I'm not sure I understand what you mean about these attributes being missing in the API reference. I can see that the documentation for IntegerSliderCommandInput documents that it has a valueOne and a valueTwo property (sliders can have two values if they are double ended sliders) while the documentation for IntegerSpinnerCommandInput has only a single value property (for its singular value). If there are any specific attributes (part of the formal interface) that you are not seeing in the documentation, can reference the type and method/property? There should be no attributes (part of the supported, documented interface) "added-on", so if you have any examples of those, please let me know.


Those generic 'log_command_inputs' from the sample using all those 'hasAttr' calls would not be a good pattern to replicate in real application code. (That was just a shortcut taken for a dump of generic control values.) Normally, you would switch on the CommandInput's 'id' property and perform validation (or other event) handling for that specific input. The type and meaning of the input would be a known in your application. (E.g. The input with id 'length' is a float spinner type, and I want to limit it to values in a specific range, or snap them to intervals.) Instead of using 'hasAttr' all over, it is often better to switch based on the object's type (using either 'isinstance' or the 'cast' method on our types as documented in the Python Specific Issues help topic).


Code hints should also be available for all of these types (again, let me know of specific omissions you notice so we can take a look). But I suspect the reason is that you are only looking at the base (CommandInput) typed variables in your code. Since the event args are generic for all input types, they provide the base CommandInput type. If you want to call methods/properties from a subtype, you will only get type hints from the IDE if you use a variable of that sub type. For example, if in an event handler you have an 'input' variable of type CommandInput, the IDE won't know that it has a value attribute (but you can call it anyway if you want). For example, you won't get any code hints for subclass members with:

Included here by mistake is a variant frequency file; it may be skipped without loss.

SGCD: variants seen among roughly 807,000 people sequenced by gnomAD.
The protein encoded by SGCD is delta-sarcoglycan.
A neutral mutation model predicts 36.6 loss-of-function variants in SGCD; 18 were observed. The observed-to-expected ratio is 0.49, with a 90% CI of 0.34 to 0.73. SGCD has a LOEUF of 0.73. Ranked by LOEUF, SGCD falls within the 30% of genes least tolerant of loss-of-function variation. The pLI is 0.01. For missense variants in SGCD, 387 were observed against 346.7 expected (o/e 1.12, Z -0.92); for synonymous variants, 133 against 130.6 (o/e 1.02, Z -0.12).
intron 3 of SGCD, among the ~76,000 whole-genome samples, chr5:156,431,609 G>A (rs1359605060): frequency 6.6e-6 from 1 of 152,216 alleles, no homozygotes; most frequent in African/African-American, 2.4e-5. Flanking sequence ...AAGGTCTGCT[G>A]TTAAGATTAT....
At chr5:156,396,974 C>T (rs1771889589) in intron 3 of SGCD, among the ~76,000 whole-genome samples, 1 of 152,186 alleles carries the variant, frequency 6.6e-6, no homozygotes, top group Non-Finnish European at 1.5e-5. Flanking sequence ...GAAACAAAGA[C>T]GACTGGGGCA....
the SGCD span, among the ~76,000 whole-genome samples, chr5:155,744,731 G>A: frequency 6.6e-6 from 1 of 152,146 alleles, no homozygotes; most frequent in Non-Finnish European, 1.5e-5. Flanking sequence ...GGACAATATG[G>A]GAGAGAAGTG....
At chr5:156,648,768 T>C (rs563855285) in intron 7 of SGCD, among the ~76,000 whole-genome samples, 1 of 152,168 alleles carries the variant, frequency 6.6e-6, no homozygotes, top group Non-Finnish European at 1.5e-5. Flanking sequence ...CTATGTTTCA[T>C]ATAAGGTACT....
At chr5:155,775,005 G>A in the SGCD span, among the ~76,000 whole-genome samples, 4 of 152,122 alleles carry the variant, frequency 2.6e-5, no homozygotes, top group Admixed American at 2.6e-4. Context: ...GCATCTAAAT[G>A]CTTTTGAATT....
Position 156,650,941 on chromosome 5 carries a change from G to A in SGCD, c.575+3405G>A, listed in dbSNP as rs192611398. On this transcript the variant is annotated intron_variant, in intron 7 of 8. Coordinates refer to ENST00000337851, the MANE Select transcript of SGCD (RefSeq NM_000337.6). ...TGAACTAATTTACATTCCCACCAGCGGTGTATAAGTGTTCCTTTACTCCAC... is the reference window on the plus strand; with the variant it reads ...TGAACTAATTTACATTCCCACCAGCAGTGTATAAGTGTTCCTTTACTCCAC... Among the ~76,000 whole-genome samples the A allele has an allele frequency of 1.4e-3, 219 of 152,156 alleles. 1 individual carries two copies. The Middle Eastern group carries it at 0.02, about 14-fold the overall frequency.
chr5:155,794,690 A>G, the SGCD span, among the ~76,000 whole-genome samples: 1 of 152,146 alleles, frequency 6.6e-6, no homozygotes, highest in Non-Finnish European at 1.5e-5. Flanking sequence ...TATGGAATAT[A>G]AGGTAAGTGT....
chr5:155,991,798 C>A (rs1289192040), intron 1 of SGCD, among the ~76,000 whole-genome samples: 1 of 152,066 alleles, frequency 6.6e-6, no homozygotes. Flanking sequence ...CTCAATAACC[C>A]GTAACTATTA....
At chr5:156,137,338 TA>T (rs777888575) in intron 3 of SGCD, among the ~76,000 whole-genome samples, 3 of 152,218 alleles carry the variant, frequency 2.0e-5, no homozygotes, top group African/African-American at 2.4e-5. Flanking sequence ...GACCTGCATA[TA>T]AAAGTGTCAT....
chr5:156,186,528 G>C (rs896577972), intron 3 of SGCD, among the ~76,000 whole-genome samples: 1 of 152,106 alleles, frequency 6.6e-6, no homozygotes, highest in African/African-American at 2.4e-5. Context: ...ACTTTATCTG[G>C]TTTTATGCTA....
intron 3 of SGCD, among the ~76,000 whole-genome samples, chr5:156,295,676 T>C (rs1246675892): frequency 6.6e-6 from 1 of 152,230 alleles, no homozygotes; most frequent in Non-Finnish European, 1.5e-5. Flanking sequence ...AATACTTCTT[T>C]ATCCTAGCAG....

val = input.value

But if you tell the IDE that it is a subtype with something like:

if == 'length' and isinstance(input, adsk.core.FloatSpinnerCommandInput):
    val = input.value

You will get code hints from the IDE because the isinstance check tells the IDE the specific sub type. Likewise, you could also use a 'cast' in which case the return type is the casted object type (check for a 'truthy' response to check if it was that type). Or you can just assign into a variable of the sub-type if you know what the type is (e.g. from the check of the 'id'). For example:

if == 'length':
    float: adsk.core.FloatSpinnerCommandInput = input
    val = float.value



Kris Kaplan
Message 5 of 5

Thanks @KrisKaplan for your good advice, I will use all of it.

I incorrectly assumed that events would be abstract "foo has changed to 3" (from my somewhat pedantic notions of model-view-controller) rather than "hey, this UI object changed somehow, go check it out."  This is perhaps the only event-listener API I've used where the new value isn't actually in the event. My bad.

I any case don't think I'll have trouble adjusting my little MVC framework. I can easily find the CommandInput created per ID.

I am a bit spoiled by Javadoc. Event types that use an object class in a callback (listener) end up having links on both event and the object and the interface spec so it is simpler to bounce back and forth. I am pretty sure Python doesn't have this.

The API page for  ValidateInputsEventArgs  doesn't have "input" on it,  nor does the inherited class EventArgs nor does Base. I hope this is useful for someone.